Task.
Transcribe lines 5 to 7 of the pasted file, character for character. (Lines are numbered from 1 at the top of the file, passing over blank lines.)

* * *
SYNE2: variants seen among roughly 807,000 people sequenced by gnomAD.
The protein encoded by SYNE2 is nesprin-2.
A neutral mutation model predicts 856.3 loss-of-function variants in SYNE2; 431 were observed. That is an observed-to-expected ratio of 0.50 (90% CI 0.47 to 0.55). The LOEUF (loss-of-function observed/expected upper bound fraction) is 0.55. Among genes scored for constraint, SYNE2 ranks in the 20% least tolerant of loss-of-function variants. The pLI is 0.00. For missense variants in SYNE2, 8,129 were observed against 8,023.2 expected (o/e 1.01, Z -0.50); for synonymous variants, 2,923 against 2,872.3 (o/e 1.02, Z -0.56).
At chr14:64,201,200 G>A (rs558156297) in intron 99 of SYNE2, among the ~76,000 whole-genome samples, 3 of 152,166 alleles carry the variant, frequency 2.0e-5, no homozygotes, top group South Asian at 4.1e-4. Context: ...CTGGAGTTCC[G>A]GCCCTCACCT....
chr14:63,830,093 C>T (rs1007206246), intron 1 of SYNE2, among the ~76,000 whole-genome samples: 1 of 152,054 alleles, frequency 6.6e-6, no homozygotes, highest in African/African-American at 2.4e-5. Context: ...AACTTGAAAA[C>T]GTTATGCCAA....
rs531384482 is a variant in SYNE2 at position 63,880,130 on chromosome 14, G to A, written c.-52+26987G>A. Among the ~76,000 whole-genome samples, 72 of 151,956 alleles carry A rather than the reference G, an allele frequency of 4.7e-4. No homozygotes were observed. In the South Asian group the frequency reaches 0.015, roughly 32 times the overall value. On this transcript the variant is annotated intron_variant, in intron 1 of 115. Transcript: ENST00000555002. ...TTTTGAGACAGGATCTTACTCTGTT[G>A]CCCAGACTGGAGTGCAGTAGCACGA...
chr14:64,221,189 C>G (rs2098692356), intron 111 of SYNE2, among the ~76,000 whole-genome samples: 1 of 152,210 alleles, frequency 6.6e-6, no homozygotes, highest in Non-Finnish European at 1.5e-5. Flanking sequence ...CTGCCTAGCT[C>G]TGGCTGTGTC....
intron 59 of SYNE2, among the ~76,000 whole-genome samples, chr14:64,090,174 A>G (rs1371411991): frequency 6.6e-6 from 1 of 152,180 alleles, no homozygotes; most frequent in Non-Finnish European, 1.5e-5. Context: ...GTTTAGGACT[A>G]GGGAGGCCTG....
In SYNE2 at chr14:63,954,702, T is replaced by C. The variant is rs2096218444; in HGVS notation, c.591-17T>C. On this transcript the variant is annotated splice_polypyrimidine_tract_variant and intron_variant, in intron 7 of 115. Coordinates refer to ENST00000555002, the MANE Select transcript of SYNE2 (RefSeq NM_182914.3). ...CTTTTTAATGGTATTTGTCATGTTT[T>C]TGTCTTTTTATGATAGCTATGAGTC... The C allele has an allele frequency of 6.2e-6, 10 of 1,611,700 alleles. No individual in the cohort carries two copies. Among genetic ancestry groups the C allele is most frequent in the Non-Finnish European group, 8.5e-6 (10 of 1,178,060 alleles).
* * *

chr14:63,830,093 C>T (rs1007206246), intron 1 of SYNE2, among the ~76,000 whole-genome samples: 1 of 152,054 alleles, frequency 6.6e-6, no homozygotes, highest in African/African-American at 2.4e-5. Context: ...AACTTGAAAA[C>T]GTTATGCCAA....
rs531384482 is a variant in SYNE2 at position 63,880,130 on chromosome 14, G to A, written c.-52+26987G>A. Among the ~76,000 whole-genome samples, 72 of 151,956 alleles carry A rather than the reference G, an allele frequency of 4.7e-4. No homozygotes were observed. In the South Asian group the frequency reaches 0.015, roughly 32 times the overall value. On this transcript the variant is annotated intron_variant, in intron 1 of 115. Transcript: ENST00000555002. ...TTTTGAGACAGGATCTTACTCTGTT[G>A]CCCAGACTGGAGTGCAGTAGCACGA...
chr14:64,221,189 C>G (rs2098692356), intron 111 of SYNE2, among the ~76,000 whole-genome samples: 1 of 152,210 alleles, frequency 6.6e-6, no homozygotes, highest in Non-Finnish European at 1.5e-5. Flanking sequence ...CTGCCTAGCT[C>G]TGGCTGTGTC....